Although Kneeland was the driving force in the fundraising efforts over the years, he stated that without the help of others, he would not have been near as successful. Through fifteen years of hosting two high school rodeos a year, countless gymkhanas with dine and dances, week-long trail rides, silent auctions, fuel card raffles that raised $10,000 at times, selling chocolate almonds at Agribition in Regina each year and so many more events, Kneeland noted that none of it would have been possible without help from the people in his life supporting his passion for TeleMiracle.

“People used to ask me how I was able to pay for things around my place if I kept giving all of the money away to TeleMiracle, but what started happening was as we were having our events, we started getting people asking us to host weddings, birthdays, anniversaries, family reunions and even grad parties. So the cash was coming in then. I was getting paid back,” Kneeland explained.

Additionally, Kneeland added that as he was making upgrades to the event venues at his place, he would have people donate time and material to help with the projects because they heard about the work he did to raise money for TeleMiracle.
Kneeland has seen the benefit that the TeleMiracle organization can have on people first-hand. Following hip surgery approximately two years ago, Kneeland has been in extreme pain, struggling to stand or walk. Over time, Kneeland progressed from a wheelchair to a walker, which TeleMiracle provided financial assistance for. Within the next month or two, Kneeland is anticipating another surgery to help get back to a more comfortable existence.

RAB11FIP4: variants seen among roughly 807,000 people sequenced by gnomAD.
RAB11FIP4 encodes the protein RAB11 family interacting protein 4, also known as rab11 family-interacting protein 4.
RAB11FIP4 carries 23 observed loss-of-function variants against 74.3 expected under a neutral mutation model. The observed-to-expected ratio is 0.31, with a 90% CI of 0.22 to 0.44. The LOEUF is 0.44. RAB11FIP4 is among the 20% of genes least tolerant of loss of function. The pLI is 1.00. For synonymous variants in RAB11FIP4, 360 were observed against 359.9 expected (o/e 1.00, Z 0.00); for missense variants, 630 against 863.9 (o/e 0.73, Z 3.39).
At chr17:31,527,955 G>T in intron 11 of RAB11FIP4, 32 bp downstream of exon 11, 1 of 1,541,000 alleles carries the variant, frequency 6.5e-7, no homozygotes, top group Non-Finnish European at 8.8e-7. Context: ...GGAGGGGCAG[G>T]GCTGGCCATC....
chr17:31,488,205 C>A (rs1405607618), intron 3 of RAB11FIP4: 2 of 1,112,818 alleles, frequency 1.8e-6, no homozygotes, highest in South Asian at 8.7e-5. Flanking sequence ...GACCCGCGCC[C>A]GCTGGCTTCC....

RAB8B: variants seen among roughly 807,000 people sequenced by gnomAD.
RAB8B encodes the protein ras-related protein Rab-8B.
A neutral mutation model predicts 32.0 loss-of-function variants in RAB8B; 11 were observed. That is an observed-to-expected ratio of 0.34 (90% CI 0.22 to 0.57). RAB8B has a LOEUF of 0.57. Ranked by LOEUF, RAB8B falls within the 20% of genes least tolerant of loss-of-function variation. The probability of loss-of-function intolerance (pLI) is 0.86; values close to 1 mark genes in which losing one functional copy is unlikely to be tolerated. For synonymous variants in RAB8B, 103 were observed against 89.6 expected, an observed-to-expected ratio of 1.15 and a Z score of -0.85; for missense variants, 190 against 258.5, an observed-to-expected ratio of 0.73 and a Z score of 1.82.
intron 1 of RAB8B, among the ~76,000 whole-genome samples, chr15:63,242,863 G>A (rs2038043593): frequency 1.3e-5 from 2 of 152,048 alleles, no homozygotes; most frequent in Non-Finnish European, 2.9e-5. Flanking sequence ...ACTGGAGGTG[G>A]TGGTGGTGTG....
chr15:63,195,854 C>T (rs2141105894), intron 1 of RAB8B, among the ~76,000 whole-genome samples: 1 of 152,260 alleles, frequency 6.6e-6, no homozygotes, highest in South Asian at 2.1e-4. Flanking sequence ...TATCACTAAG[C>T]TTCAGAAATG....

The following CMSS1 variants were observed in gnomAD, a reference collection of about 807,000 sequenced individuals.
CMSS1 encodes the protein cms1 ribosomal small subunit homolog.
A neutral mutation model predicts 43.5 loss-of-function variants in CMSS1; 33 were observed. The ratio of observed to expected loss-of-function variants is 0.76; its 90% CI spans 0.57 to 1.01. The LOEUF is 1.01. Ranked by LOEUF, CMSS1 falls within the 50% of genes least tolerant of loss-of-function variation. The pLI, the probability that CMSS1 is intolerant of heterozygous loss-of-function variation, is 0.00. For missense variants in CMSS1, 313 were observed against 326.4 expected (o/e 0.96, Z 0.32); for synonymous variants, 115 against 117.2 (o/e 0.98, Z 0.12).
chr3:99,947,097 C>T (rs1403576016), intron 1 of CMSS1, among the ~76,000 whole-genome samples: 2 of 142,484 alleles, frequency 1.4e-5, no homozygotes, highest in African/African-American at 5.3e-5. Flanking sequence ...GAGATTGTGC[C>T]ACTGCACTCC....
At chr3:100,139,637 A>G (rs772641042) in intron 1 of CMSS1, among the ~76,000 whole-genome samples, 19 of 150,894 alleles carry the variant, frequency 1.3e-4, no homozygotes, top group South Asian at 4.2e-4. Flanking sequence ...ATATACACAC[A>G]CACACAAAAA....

“That’s why TeleMiracle came to mean so much to me. They help the people in this province that really need the help, whether it is big or small.”

When asked about his favorite TeleMiracle memories over the years, Kneeland gave an answer that you can only expect to hear from a real cowboy. “Well shucks, I so enjoyed it all. I just had a real hayday with all of it.”

After sharing a photo of himself with Beverley Mahood that was taken during their January 13th visit, Kneeland was blown away with the likes and comments the picture received. “So many people had such wonderful things to say. It’s a good thing I don’t wear a cowboy hat anymore because I don’t think I would be able to get it on,” Kneeland joked.

People like Ray Kneeland are rare and we could all take a page out of his book to help do for others rather than ourselves. Kneeland has been an inspiration to many and through his hard work and dedication to TeleMiracle, he has made a difference in so many lives. Be sure to watch the interview with Ray on TeleMiracle on March 6th at approximately 1pm.